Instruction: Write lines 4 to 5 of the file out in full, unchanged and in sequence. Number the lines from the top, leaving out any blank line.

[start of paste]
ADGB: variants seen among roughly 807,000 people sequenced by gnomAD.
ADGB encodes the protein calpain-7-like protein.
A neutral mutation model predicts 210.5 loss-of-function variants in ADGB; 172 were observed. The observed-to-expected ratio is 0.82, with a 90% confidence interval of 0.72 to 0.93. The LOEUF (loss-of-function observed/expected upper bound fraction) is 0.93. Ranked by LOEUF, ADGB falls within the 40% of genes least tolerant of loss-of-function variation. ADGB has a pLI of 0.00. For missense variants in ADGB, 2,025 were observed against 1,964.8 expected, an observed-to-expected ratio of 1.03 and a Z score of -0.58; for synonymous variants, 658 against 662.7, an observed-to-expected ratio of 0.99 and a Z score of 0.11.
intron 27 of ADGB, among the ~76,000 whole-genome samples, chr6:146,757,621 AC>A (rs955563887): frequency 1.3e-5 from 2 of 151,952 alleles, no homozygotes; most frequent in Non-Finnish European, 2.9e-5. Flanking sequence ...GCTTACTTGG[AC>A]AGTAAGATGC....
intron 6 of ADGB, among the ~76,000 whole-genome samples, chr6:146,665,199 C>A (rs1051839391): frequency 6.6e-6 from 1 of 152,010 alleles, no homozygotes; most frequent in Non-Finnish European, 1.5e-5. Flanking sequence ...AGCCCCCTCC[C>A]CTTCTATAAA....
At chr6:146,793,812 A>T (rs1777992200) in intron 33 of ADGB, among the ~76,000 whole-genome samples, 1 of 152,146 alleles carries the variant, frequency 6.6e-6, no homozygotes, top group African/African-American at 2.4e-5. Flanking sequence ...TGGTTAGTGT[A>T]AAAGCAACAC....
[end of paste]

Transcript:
intron 27 of ADGB, among the ~76,000 whole-genome samples, chr6:146,757,621 AC>A (rs955563887): frequency 1.3e-5 from 2 of 151,952 alleles, no homozygotes; most frequent in Non-Finnish European, 2.9e-5. Flanking sequence ...GCTTACTTGG[AC>A]AGTAAGATGC....
intron 6 of ADGB, among the ~76,000 whole-genome samples, chr6:146,665,199 C>A (rs1051839391): frequency 6.6e-6 from 1 of 152,010 alleles, no homozygotes; most frequent in Non-Finnish European, 1.5e-5. Flanking sequence ...AGCCCCCTCC[C>A]CTTCTATAAA....